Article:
Ambushed by the news, I dropped the receiver from the pay phone. My knees buckled and I was on the ground. I might have screamed. I don’t remember.
Susie is dead.
My 8-week-old grand daughter is dead.
Over the next week I experienced an exponential dimension to grief. I grieved for our baby. I grieved for my son’s loss and for my daughter-in-law. I grieved for the baby’s uncle, my younger son, who was tasked with letting the family know what happened. I grieved for my mom, just diagnosed with dementia, who was almost derailed by the news.
Our baby’s death was totally unacceptable. I tried to explain to God that this wasn’t right. I yelled and cried and whispered and mourned.
Forward twenty years.
My knees buckled and I crumpled into a chair nearly dropping my cell phone. I don’t remember making a sound. My dog came and sat by me, her eyes full of questions. Carl is dead. My eighteen year old grandson is dead. Ambushed again by death, my breath and all consciousness of time and awareness of space collapsed into that moment.
My next breath came from a new timeline, some not-quite-parallel universe, not the world I had known before.
I grieved the loss of our young man. I grieved for my son’s pain and for my daughter-in-law. I grieved for Carl’s uncle who was tasked, again, with letting the family know what happened. I grieved for Carl’s brother and sister. I grieved for his young cousins to whom suicide was no longer just a word.
Grief has settled into my being like the big maple tree in the yard. It’s always there. It changes. It grows. No longer remarkable, just there.
Now, when my tears flow, I let them fall like the gold and orange leaves of the tree. Maybe they’ll enrich the medium that nourishes renewed life.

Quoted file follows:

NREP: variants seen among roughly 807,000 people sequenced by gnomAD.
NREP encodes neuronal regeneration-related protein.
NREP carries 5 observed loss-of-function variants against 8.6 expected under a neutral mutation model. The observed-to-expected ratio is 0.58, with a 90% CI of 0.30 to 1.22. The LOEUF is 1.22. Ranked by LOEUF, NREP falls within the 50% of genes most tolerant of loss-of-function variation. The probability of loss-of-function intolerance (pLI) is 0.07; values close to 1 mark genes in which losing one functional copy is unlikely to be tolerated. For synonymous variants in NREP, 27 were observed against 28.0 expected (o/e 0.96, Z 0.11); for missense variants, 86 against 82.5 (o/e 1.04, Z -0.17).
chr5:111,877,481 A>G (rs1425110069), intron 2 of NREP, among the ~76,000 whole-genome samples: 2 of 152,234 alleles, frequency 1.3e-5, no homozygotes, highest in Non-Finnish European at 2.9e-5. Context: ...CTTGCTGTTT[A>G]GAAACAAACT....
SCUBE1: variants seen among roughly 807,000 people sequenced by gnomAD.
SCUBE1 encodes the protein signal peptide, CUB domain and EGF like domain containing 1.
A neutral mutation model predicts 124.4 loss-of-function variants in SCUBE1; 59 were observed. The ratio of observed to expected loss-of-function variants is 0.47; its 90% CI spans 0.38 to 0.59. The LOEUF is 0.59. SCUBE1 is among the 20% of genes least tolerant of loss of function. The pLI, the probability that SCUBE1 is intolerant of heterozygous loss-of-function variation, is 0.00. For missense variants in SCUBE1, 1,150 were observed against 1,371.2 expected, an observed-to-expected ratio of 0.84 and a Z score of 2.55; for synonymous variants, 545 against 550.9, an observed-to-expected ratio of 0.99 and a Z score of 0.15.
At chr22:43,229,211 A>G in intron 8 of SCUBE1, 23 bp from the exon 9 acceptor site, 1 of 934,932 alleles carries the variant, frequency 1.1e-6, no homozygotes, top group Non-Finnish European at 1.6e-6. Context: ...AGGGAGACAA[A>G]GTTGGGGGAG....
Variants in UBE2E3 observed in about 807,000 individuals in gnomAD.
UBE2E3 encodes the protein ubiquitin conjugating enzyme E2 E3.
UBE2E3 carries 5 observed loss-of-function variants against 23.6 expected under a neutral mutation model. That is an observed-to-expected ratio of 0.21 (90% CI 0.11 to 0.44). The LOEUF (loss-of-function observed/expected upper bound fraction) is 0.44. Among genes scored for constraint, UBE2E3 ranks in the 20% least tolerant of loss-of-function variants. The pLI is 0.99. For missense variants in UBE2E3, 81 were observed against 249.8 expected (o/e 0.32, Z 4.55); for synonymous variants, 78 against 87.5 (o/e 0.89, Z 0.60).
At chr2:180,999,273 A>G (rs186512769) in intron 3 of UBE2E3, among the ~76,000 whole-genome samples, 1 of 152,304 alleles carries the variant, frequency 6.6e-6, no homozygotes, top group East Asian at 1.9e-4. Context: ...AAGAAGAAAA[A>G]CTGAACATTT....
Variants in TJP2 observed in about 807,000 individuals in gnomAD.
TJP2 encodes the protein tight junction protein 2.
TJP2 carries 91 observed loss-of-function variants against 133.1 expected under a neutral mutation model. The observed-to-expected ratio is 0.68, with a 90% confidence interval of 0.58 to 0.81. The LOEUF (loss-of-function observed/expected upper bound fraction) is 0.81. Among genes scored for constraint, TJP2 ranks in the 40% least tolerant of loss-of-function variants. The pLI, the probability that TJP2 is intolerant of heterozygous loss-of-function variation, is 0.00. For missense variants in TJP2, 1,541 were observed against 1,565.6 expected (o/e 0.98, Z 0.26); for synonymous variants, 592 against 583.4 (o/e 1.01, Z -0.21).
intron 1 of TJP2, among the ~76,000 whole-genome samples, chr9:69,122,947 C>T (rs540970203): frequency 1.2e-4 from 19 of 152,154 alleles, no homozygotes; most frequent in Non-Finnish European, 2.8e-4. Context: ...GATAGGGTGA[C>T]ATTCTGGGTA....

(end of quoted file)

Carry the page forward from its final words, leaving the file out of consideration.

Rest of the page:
Now, I avoid the tree. I look out at the world from beneath it’s branches, but I don’t look at the tree itself.
Now, I set the table and benches in the shadow of the tree. We gather to picnic and tell stories and laugh at jokes.
Now, I sit and remember their broad grins so much like their father’s, their boundless energy, and their eyes.
Now, I recriminate. Why didn’t I take more time? Why did I ever let them leave my arms?
Now, I tell myself that they were never mine. They were visitors passing through. Their lives, their deaths, were theirs.
I miss them.
Now, it’s Tuesday. I have to take the trash to the curb.
About the Author----------------
Elaine Leet is a retired teacher now living in rural Pennsylvania where she grew up. Like most people who have been privileged to lead a long life, she has experienced many losses. None ripped into her like the unexpected loss of grandchildren. In retirement Elaine has begun taking her passion for writing seriously. In June 2019 she published a novella Child of a Troubled Land, dealing with child trafficking in Haiti. In 2020 her Reader Illustrated book Chance’s Diary will offer young artists and older generations to illustrate their own coming of age experiences.